The United States technological revolution has made rock stars out of flashy, emerging new plays like the Bakken, Niobrara and Utica. And everybody wants to get in on the next hot area.
Oklahoma, on the other hand, is old school. It’s a model of consistency when it comes to United States energy development. The Sooner State has always been among the top energy producing states, ranking fifth overall in 2013 (according to the Energy Information Administration) and outpacing highly regarded players like Colorado, Louisiana and North Dakota. Its dependable and rewarding basins like the Anadarko, Arkoma and Ardmore have withstood plunging rig counts better than their peers, losing about half of their rigs while other plays in North America have reduced operations by 65% or more.
But like the evolving energy industry, Oklahoma is taking initiative among renewable energy and alternative fuels, including a compressed natural gas (CNG) movement that is among the most expansive in the country.
Directing Oklahoma’s energy programs is Michael Teague, the state’s Secretary of Energy and Environment. Mr. Teague, a United States Army veteran of nearly 30 years, is the first person to serve at the position. His duties prior to being named Secretary of Energy and Environment included serving as the commander of the Tulsa District of the U.S. Army Corps of Engineers. Oklahoma Governor Mary Fallin appointed Teague to his new position in 2013.
Michael Teague spoke with Oil & Gas 360® about Oklahoma’s energy initiatives and national energy issues in this exclusive interview.
OAG360: Mr. Teague, could you give us some background on the U.S. Army Corps of Engineers and how your experience with that organization translated into your most recent position?
TEAGUE: The Army Corps of Engineers, as an organization, does military construction for both the Army and the Air Force. They do all the installations, including a civil works program, and manages flight control missions. It also does navigation on the river systems, like the Mississippi and the Arkansas River up through Oklahoma.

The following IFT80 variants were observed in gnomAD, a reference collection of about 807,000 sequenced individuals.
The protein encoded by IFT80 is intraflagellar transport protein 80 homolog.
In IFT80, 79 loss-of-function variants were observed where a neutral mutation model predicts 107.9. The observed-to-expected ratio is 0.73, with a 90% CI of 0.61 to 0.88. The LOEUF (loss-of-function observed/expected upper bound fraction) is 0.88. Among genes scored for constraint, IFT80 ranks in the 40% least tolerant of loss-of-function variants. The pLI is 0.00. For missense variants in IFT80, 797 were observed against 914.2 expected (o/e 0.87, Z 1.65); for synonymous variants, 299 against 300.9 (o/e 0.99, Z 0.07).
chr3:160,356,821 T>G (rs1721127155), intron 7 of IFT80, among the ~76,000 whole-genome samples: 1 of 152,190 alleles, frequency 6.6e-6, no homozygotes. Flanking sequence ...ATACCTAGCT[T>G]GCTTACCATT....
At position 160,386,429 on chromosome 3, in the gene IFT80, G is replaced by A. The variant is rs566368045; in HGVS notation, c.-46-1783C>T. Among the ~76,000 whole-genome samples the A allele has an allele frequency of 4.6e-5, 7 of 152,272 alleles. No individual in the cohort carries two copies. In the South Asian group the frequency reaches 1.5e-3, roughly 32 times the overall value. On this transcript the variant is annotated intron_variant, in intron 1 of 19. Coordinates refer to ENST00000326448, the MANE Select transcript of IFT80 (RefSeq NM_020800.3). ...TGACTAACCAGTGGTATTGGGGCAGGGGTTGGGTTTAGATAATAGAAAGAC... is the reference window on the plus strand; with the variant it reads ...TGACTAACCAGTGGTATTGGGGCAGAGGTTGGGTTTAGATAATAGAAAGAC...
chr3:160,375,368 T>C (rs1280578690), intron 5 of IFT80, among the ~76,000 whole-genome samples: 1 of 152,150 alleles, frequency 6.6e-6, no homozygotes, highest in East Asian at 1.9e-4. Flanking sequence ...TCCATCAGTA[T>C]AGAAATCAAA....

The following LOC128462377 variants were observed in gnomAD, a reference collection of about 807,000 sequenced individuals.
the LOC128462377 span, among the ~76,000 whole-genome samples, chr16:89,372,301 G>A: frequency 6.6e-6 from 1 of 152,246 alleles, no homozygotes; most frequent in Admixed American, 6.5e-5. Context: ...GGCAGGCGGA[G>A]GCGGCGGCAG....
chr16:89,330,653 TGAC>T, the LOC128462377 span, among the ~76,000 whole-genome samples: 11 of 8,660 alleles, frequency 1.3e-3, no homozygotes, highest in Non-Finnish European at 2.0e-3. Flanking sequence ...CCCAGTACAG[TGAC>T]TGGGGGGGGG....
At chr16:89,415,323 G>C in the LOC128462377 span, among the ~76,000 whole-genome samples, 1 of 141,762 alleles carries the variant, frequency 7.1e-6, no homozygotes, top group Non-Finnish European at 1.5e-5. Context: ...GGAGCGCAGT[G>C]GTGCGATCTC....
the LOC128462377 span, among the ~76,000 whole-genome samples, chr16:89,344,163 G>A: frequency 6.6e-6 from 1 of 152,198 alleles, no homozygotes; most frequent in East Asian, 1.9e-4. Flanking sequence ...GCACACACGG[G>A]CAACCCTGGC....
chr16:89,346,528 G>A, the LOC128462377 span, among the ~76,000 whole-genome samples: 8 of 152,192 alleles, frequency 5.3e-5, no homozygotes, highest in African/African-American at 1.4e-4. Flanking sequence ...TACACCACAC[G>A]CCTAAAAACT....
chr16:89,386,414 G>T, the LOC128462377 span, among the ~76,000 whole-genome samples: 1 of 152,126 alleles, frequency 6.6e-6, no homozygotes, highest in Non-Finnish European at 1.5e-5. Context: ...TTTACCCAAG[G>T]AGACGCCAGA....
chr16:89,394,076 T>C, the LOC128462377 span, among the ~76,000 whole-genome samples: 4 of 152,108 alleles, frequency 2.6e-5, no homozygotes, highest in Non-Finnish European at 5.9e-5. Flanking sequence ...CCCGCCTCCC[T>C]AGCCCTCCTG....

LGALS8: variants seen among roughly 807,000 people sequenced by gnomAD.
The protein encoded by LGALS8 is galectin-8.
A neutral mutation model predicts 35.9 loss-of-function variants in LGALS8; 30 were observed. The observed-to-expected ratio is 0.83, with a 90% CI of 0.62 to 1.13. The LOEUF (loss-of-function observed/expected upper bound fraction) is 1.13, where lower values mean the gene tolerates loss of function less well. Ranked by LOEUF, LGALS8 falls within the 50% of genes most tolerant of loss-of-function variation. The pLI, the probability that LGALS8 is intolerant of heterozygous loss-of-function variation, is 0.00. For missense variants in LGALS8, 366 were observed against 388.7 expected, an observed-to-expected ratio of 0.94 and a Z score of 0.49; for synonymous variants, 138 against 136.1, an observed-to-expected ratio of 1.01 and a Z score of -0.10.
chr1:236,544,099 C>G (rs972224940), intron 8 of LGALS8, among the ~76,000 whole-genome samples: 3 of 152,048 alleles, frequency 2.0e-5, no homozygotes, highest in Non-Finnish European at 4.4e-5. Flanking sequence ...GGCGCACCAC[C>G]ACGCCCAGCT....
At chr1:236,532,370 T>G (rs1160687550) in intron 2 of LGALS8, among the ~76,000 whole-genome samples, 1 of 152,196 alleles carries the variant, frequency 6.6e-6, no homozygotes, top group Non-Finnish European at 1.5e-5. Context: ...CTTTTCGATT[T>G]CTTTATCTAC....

The core issue is all the 404 permits under the Clean Water Act for any dredge and fill. So I worked with the district commander in Tulsa for three years and coordinated primarily with the environmental agencies of the state. So it gave me a good feel for all of the different issues across the state that had environmental impacts. It also gave me a good feel for working with the other state agencies. I’m with the Department of Environmental Quality, the Water Board, the Department of Wildlife, but also with Tourism and Recreation, just for all for the state parks on Corps lakes. That was my background in the district.
But two years ago, Governor Mary Fallin decided to combine the energy and environment cabinets in Oklahoma. There’s not a single energy issue in Oklahoma that doesn’t have an environmental component to it. And there’s not a single environmental issue in Oklahoma that does not in some way impact both the energy industry and our electrical power generation.
OAG360: Are there other states that have an energy and environment setup similar to Oklahoma?
TEAGUE: Today, there are about a dozen or so. It started in the northeast – Massachusetts and Connecticut were a couple of the first states, Kentucky has now combined. More and more you’re finding them. The Clean Power Plan is another example of that. It’s an environmental regulation but it impacts public utilities and so it really is both energy and environment. We’re seeing more and more states that are doing it.